Do I need to link to anything that says “[Fill in the name of a woman] is getting naked on camera for attention”? It’s been said about me. It’s being said about Kim Kardashian. It’s been said about any woman who’s ever voluntarily had a photo taken in any kind of sexualized context, and several non-sexualized contexts, for that matter.
I can’t speak for anyone else, but here’s what you do to me when you say that I take nude, sexualized photos for attention: You claim that you know my intentions. Are you a mind-reader? To my knowledge, that’s not a thing that exists. So do you know me intimately? No, you don’t, and no one who knows me intimately thinks or says that I take nudes for attention. So what you’re doing is implying that I’m a liar when I say, “No, this is not for attention,” and/or you’re assuming that attention is the only possible motivation any woman could ever have for taking a picture of herself naked, and possibly claiming that you know myself, or any woman, better than we know ourselves. That you have insight on the female character (because women are a monolith) that females don’t have if they state that they are not taking nude pictures for attention. Keep reading »
The DMV in Anderson, South Carolina, forced a 16-year-old boy to take off his makeup in order to get his driver’s license picture taken because “he needs to look like a male,” according to an official. Chase Culpepper is gender non-conforming and wears makeup and stereotypically female clothing everyday. But on March 3, the DMV refused to photograph Chase because he looked like he was “wearing a disguise,” according to Chase’s mom, Teresa Culpepper. ”He’s male, he needs to look like a male,” said spokesperson Beth Parks. Keep reading »
In January, an actress from “Orange Is The New Black” appeared on Katie Couric’s daytime talk show and it made headlines for all the wrong reasons. Laverne Cox, who is transgender, appeared with trans model Carmen Carrera. Throughout the interview, Couric kept asking the two women questions about their transition, specifically their genitalia. Cox politely corrected Couric that focusing only on body parts detracts attention away from the issues that trans folks face, like lack of legal protection and violence. Couric was roundly criticized by LGBTQ advocates afterwards for her failed interview.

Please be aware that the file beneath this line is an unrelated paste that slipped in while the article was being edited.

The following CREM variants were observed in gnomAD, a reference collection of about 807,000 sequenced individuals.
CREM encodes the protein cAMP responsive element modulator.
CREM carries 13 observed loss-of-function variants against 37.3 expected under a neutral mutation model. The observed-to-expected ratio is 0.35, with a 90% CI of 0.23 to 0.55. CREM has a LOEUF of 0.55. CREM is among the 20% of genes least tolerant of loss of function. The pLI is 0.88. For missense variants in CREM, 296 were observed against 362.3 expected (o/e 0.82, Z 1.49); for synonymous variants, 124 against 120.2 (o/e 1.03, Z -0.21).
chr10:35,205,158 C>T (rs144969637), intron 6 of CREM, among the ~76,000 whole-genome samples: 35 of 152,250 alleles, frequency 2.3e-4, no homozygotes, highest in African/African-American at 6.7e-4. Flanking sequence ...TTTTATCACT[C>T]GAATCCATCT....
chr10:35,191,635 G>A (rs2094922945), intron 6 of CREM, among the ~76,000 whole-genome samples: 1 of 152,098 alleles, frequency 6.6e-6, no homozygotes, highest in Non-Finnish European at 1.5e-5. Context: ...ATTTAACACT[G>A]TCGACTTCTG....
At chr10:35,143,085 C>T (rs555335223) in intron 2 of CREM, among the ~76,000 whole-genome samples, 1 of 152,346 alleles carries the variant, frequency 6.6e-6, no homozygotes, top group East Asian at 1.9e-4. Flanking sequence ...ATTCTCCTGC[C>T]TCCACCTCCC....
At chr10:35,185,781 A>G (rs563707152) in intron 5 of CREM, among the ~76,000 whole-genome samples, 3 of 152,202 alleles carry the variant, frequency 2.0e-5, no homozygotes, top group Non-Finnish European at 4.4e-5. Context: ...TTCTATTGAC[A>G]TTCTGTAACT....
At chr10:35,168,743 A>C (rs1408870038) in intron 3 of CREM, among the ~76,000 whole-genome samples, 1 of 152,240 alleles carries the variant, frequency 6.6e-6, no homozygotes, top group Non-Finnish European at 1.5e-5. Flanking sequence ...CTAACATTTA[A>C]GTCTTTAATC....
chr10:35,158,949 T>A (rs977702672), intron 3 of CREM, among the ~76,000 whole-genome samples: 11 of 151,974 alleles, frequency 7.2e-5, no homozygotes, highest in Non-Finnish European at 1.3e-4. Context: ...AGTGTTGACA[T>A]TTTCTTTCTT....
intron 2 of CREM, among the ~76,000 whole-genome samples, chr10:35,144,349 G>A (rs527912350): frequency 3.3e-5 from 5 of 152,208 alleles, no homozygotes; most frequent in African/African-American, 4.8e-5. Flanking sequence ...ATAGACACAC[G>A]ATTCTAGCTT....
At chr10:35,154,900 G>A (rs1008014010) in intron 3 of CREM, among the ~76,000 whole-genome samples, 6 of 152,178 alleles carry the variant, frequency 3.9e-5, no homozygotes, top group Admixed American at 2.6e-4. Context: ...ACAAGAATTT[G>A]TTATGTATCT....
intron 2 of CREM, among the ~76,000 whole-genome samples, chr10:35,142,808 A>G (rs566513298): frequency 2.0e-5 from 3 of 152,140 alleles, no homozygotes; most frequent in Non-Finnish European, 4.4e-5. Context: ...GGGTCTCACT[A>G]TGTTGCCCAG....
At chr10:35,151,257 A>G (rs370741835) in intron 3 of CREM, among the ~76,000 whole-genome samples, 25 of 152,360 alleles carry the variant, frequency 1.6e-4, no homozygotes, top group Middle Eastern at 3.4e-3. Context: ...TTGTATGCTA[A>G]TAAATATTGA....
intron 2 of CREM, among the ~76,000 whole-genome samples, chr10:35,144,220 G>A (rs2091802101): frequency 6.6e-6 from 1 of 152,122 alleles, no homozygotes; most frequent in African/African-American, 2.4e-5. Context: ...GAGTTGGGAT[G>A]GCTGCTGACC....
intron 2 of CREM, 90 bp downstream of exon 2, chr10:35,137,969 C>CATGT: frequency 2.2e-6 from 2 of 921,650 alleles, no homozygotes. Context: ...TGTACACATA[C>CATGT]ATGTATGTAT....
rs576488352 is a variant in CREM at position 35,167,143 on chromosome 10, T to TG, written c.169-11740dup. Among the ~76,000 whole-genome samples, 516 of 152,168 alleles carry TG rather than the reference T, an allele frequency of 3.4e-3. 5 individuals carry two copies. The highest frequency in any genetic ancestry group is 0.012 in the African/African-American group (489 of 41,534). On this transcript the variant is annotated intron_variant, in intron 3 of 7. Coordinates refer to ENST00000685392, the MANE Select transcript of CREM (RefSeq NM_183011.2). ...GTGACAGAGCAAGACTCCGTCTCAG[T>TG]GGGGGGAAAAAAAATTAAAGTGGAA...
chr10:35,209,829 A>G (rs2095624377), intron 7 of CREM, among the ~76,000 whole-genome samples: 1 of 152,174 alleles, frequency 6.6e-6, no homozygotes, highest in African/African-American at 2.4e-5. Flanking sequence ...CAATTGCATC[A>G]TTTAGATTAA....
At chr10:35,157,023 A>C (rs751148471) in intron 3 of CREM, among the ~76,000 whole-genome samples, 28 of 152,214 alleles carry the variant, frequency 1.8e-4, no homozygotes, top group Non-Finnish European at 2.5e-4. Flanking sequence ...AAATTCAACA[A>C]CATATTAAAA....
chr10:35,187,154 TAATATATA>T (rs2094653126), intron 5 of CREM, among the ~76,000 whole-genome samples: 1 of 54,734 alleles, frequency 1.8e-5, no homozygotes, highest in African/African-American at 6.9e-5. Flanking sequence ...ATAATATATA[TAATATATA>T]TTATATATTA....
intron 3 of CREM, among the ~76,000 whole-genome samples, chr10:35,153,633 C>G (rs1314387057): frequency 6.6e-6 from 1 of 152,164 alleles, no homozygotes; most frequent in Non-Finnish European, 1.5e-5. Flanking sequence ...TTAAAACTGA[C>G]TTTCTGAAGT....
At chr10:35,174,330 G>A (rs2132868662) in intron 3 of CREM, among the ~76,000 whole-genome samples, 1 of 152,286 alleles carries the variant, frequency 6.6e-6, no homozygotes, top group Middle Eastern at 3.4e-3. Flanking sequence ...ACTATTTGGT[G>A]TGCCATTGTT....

Recently, Laverne Cox appeared again on “Katie” and the two women addressed the previous interview. Keep reading »
Last week, “Orange Is The New Black” actress Laverne Cox appeared on the cover of TIME, illustrating a piece about how trans rights issues are “America’s next civil rights frontier.” Cox was the first-ever trans person to appear on TIME‘s cover.
This weekend National Review writer Kevin D. Williamson published a piece entitled “Laverne Cox Is Not A Woman,” which was later reprinted in the Chicago Sun-Times. Why anyone cares what Williamson — whose job is simply “roving correspondent” for the Review — has to say about transgender issues, I don’t know. But his piece — which we will not link to so as not to give it traffic — was so full of ignorant pseudoscience and bias that it couldn’t help but attract (mostly negative) attention. Keep reading »
“Wow” is all I have to say after watching this beautiful video that tells the story of Ryland Whittington, a bright, fun, loving little boy who happens to be transgender. Ryland’s story is fairly typical of many transgender kids — around age 3, he started rejecting a traditionally feminine presentation and self-identifying as a boy. The confusion soon morphed into feelings of shame and frustration. From there he could have spiraled into self-loathing, depression, and isolation, but what makes Ryland’s story different from so many trans people’s childhood experiences is that he also happened to be born with a truly amazing set of parents. Want to see what acceptance, understanding, and unconditional love look like? Hit play. [YouTube via Hypervocal]
Last month at Coachella, Andrew Garfield walked out on stage in a white lace dress and a blonde wig to strike a few victorious poses during Arcade Fire’s song, “We Exist.” As the teaser we posted last week indicated, the live footage was shot for the finale of the “We Exist” video, which stars Garfield as a young person struggling with gender identity. The mini movie is equal parts heartbreaking and inspiring, a combination of reality and fantasy. By the end, it’s hard not to cheer along with the Coachella crowd. Check it out above. [Rolling Stone]